Bring Back Cease & Desist
For years, unwanted real estate solicitations were a problem in Queens and other parts of New York City.
Real estate agents went to residents and offered to buy their homes, even though the residents had expressed no interest in selling. The solicitations included door-to-door visits, mailings, and phone calls. In some cases, the agents used high-pressure tactics. They stoked fears that the residents’ neighbors and friends were all planning to leave the neighborhood, and despicably attempted to play up racial anxieties. They also fabricated claims about impending drops in property values. Some experts said it was actually the fears fed by unscrupulous real estate brokers that destabilized home values.
This type of solicitation, known as “blockbusting,” was prohibited by law from 1971 until 1994. In the years that followed, state officials implemented a “cease-and-desist” list. Homeowners who did not wish to receive real estate solicitations could put themselves on a list, and brokers could be punished for contacting addresses on that list.
Since that time, specific neighborhoods needed to be renewed as eligible for the ceaseand desist list. After those renewals, individual property owners could then put themselves back on the list.
Through the work of the Woodhaven Residents’ Block Association and the Greater Woodhaven Development Corporation, Woodhaven had been designated a cease-anddesist zone, but the designation expired after five years, thus requiring renewal by the Secretary of State. In 2010, after prolonged efforts by the WRBA and the GWDC, Woodhaven was named one of only seven Queens neighborhoods in which homeowners could choose to prevent solicitations from real estate agents.
Now, however, the cease-anddesist list is expired yet again. Residents of Woodhaven have already notified the WRBA that they have begun to receive unprompted real estate solicitations.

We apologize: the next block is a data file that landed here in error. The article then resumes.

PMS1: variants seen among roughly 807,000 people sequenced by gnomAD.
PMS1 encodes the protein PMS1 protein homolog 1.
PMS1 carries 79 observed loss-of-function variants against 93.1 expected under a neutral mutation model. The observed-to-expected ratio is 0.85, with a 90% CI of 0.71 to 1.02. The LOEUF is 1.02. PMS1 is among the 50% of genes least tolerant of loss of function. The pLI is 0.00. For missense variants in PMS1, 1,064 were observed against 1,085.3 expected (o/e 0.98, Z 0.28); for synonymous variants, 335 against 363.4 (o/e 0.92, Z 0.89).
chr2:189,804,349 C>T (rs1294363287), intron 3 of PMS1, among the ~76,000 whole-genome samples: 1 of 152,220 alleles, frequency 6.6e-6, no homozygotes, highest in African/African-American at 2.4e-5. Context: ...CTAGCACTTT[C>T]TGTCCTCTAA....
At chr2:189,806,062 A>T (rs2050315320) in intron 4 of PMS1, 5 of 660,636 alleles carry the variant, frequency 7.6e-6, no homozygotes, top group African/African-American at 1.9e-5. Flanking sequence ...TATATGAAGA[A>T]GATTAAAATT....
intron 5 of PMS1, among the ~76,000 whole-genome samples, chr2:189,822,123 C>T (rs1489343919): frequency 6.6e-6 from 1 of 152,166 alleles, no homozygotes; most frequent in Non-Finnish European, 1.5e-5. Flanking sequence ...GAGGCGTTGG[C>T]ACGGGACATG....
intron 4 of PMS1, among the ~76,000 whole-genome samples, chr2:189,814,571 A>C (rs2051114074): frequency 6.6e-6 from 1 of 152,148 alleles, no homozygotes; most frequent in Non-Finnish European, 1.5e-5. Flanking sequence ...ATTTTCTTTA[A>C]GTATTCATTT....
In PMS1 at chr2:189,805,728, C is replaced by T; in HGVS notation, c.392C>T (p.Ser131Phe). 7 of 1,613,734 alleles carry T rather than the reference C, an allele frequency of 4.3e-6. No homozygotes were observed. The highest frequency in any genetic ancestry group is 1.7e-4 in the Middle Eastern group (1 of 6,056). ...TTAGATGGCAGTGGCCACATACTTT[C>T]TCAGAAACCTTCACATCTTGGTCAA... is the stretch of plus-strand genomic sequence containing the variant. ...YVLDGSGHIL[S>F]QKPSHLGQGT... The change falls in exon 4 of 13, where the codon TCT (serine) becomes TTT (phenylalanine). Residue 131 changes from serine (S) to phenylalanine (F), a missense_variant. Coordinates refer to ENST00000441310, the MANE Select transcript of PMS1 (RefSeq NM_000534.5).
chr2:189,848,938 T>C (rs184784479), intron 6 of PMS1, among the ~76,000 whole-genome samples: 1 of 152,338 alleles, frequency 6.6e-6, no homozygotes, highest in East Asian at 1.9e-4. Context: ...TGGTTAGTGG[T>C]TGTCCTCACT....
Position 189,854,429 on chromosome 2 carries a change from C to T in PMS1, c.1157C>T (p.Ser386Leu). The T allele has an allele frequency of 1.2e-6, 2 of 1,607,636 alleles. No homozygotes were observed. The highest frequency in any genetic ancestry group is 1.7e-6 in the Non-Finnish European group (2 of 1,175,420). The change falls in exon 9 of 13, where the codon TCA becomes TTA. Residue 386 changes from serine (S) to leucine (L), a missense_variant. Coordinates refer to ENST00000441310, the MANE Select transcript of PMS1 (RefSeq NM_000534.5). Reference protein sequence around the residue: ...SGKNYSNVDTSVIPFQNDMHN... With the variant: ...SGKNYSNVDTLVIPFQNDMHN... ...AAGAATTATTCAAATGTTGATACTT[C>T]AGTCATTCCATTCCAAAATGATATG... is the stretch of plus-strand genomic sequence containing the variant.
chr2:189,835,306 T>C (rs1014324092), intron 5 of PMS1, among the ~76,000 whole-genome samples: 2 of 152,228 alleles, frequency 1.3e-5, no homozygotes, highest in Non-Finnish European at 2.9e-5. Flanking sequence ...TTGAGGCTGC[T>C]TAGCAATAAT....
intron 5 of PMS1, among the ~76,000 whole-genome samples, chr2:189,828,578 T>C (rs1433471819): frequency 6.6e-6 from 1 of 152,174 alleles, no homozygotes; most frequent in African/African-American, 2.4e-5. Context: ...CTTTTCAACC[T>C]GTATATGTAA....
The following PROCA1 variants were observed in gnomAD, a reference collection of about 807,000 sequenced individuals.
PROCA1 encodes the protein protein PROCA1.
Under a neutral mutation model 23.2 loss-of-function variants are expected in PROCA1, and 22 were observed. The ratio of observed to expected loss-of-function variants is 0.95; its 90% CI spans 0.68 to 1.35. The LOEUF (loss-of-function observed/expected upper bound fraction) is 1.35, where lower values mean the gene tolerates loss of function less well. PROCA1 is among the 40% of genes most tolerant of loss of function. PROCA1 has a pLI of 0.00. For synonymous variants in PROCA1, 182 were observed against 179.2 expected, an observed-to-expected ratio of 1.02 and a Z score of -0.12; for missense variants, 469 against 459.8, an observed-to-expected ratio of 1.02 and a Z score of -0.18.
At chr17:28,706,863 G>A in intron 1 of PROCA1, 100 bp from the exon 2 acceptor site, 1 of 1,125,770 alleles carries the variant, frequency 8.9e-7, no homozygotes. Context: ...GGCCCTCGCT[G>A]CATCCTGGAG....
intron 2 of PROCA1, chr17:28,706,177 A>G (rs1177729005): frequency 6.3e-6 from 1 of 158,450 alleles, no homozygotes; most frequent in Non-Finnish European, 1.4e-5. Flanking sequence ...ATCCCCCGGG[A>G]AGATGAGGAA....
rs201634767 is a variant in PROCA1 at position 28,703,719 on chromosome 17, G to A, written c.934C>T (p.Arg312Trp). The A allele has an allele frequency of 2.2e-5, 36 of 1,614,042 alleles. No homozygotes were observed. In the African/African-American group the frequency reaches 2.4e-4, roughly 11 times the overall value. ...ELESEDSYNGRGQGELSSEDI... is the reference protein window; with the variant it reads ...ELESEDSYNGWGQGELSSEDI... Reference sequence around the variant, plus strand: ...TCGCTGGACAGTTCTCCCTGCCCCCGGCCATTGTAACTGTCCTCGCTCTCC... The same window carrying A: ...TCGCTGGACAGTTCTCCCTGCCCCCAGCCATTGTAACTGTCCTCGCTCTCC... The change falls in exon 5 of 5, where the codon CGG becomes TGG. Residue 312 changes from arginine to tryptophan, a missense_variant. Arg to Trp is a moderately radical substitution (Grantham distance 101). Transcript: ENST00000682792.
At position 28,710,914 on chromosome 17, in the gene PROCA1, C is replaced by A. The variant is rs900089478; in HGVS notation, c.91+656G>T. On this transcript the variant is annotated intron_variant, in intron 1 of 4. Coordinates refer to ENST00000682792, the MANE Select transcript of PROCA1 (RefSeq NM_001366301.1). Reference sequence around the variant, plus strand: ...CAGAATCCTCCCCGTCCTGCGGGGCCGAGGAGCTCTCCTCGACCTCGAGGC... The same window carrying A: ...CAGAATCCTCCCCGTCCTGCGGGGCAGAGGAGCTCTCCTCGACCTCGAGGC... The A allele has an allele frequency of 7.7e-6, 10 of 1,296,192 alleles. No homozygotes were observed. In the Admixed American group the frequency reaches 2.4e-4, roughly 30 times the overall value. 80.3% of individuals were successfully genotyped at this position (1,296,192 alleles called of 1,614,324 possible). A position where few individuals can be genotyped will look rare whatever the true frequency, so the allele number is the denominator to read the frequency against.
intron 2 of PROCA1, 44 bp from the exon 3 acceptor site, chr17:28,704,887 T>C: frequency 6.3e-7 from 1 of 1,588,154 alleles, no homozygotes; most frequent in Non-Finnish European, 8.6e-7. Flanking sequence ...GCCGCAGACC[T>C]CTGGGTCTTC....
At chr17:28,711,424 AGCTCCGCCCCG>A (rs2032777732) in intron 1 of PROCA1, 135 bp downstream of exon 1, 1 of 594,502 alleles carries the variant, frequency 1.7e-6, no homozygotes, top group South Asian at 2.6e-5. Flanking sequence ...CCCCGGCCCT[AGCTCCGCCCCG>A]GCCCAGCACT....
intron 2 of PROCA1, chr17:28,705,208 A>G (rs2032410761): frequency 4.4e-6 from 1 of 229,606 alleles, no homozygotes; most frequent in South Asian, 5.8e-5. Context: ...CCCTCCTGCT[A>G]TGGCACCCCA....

In Woodhaven, at least, blockbusting isn’t the same concern that it was in decades past, but there should be no debate that people who do not wish to be urged to sell their homes should be able to prevent annoying or unwanted offers from real estate brokers. There are parallels in other areas. For example, we can add ourselves to the National Do-Not-Call Registry to prevent unsolicited commercial phone calls. We can opt out of marketing mail and credit card offers. By posting a sign on our property, we can decline to receive hand-delivered advertising circulars and solicitations.
We should be able to do the same with real estate solicitations. It is part of our right to be left alone.
State Sen. Tony Avella has introduced a bill in Albany that would allow all Queens residents-not just those from specific neighborhoods-to join a cease-and-desist list. The list would be valid for 10 years before renewal is needed. The WRBA supports Sen. Avella’s legislation and encourages our state legislators to back it as well. At the very least, we want Woodhaven to receive the same cease-and-desist protection we had enjoyed for years.
It is important to note that not all real estate brokers engage in the sort of practice that the ceaseand desist list blocked. Many real estate agents are valuable, contributing members of their communities, who want their neighborhoods to remain stable and thriving. Unfortunately, though, not all of them are. The unscrupulous real estate brokers actually put the honest, lawabiding ones at a disadvantage, while at the same time giving them all a bad name in some people’s minds. This is yet another reason to protect residents from intense unwanted solicitations: it protects the good real estate agents too.
By bringing back cease-anddesist, state officials will give Woodhaven residents the chance to send a clear message to real estate brokers: Don’t call us; we’ll call you.
Editor’s note: The next Woodhaven Residents’ Block Association meeting-a holiday celebration-is on Saturday, Dec. 13, noon at Emanuel United Church of Christ (93-12 91st Avenue). Blenkinsopp is a member of Community Board 9 and director of communications for the WRBA. For additional information on the WRBA, visit www.woodhaven-nyc.org.